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Newtown shooting: Portrait of killer as a schoolboy

Pictures of the victims of the Sandy Hook shootings are imprinted on artificial roses at a memorial in the village of Newtown, Connecticut.

Pictures of the victims of the Sandy Hook shootings are imprinted on artificial roses at a memorial in the village of Newtown, Connecticut.

  • by KATIE ZEZIMA
 

NEW details about the gunman who shot dead 20 children, six teachers and his mother before turning the gun on himself in a primary school in Connecticut last week emerged yesterday as three more of those killed were laid to rest.

High school classmates recalled that Adam Lanza, who carried out the massacre earlier this month, was the awkward kid who wore the same clothes to school every day and had few friends. He rarely spoke and even gave a school presentation entirely by computer, never uttering a word.

He liked tinkering with computers and other gadgets and seemed to enjoy playing a violent video game, choosing a military-style assault rifle as one of his weapons. He also apparently did not like to be physically touched.

Lanza fatally shot his mother on Friday 14 December before blasting his way into Sandy Hook Elementary School in Newtown, where he slaughtered 20 children and six adults before killing himself.

In Newtown High School, Lanza would walk through the hallways, awkwardly pressing himself against the wall while wearing the same green shirt and khaki trousers every day. He hardly ever talked to his classmates and was known throughout the school only as a loner.

“As long as I knew him, he never really spoke,” said Daniel Frost, who took a computer class with Lanza and remembered his skill with electronics. Lanza could take apart and reassemble a computer in a matter of minutes.

Lanza seemed to spend most of his time in the basement of the home he shared with his mother, Nancy, who kept a collection of guns there, said Russell Ford, who had done chimney and pipe work on the house.

Nancy Lanza was often seen around town and regularly met friends at a local restaurant. But her 20-year-old son was seldom spotted around Newtown, according to a number of townspeople who knew the family.

The basement of the Lanza home had a computer, flat-screen TV, couches and an elaborate setup for video games. Nancy Lanza kept her guns in what appeared to be a secure case in another part of the basement, said Ford, who often met her and other friends at a regular Tuesday gathering at My Place, a ­restaurant.

During the past year and a half, Ford said, Nancy Lanza had told him that she planned to move out West and enrol Adam in a “school or a centre”. The plan started unfolding after Adam turned 18.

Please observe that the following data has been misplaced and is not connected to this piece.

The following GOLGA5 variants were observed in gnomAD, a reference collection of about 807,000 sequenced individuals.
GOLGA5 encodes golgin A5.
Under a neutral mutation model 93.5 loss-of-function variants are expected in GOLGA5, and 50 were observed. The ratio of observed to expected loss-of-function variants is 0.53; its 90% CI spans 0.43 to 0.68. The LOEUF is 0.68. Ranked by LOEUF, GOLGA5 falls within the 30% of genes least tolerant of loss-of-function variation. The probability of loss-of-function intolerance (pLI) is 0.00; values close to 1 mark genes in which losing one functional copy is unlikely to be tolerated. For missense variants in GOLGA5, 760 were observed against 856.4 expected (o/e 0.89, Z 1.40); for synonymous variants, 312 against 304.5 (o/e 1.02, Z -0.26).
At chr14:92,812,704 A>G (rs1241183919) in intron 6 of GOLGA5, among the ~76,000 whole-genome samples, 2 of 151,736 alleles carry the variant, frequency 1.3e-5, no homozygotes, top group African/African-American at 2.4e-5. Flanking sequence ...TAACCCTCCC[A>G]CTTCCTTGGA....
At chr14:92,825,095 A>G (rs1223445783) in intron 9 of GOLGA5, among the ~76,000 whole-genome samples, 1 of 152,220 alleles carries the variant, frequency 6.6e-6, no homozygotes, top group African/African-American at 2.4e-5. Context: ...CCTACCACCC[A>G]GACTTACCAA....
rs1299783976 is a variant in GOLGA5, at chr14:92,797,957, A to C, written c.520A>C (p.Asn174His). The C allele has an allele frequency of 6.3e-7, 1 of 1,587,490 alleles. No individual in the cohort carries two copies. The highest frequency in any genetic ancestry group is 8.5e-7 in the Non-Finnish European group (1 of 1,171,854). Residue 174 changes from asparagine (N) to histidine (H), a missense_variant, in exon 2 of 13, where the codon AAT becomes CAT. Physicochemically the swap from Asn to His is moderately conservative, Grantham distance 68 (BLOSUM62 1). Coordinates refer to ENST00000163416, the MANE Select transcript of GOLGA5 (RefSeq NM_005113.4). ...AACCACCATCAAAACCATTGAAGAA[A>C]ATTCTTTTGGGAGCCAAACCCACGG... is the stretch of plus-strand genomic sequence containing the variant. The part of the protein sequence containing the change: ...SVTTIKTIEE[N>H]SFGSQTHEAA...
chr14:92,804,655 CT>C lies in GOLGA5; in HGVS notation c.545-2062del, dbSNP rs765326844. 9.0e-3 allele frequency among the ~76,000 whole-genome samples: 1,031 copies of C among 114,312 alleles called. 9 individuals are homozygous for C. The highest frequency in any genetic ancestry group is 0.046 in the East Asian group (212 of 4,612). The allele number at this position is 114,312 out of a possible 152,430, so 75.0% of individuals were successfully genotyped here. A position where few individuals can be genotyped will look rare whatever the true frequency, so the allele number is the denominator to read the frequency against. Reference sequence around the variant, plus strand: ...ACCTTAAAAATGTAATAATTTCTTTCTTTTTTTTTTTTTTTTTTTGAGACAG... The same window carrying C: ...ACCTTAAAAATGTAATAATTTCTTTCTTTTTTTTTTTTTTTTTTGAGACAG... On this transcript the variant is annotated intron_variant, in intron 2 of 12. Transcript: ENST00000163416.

“She knew she needed to be near him,” Ford said. “She was trying to do what was positive for him.”

Ford said Nancy Lanza did not elaborate on what type of services she wanted her son to receive. He said she made fewer appearances at the restaurant in recent months.

Mark Tambascio, owner of My Place, said Nancy Lanza described the same plan to him, saying she might move to Washington state.

Back in high school, Frost recalled, someone brought in a video game called Counter-Strike, a shooting video game in which players compete against each other as either terrorists or counter-terrorists.

Lanza “seemed pretty interested in the game” and would play it with other students. Frost remembers the weapons Lanza chose: an M4 military-style assault rifle and a Glock handgun.

Authorities said Lanza used a military-style assault rifle and carried handguns during the rampage at the school. They still have no clear reason why Lanza would lash out at defenceless young children and their caretakers and cause such devastation within the small community, which remains shattered at the killings.

State police spokesman Lt J Paul Vance said a final report on the investigation could be months away.

A moment of silence was held on Friday in remembrance of those killed. Connecticut Governor Dannel Malloy gathered with officials in rain and wind on the steps of the Edmond Town Hall as a lone bell rang in memory of those who lost their lives. Similar commemorations took place across the United States.

Also on Friday, the National Rifle Association called for armed police officers to be stationed at schools. Wayne La-Pierre, chief executive officer of the nation’s largest gun-rights lobbing group, said at a Washington news conference that “the only thing that stops a bad guy with a gun is a good guy with a gun.”

LaPierre blamed video games, music and videos for exposing children to violence.

Meanwhile, the founder of a video game website said he expected tens of thousands of players of online shooter games to have participated in a 24-hour ceasefire which started on Friday. Antwand Pearman, founder of GamerFitNation, said the ceasefire was meant to show respect for those killed in the Newtown shooting. He said video games do not cause violence.

Yesterday more funeral services were held in Connecticut for the victims, including Josephine Gay, seven, and Ana Marquez-Greene, six. A service was also planned in Utah for Emilie Parker, six. All of Lanza’s child victims were six or seven years old, and the funerals have become a tragically familiar sight in the town over the past week.

A spokeswoman for the Connecticut Funeral Directors Association says the last victim funerals it knows of took place yesterday, although some of the burials are private.

 
 
 

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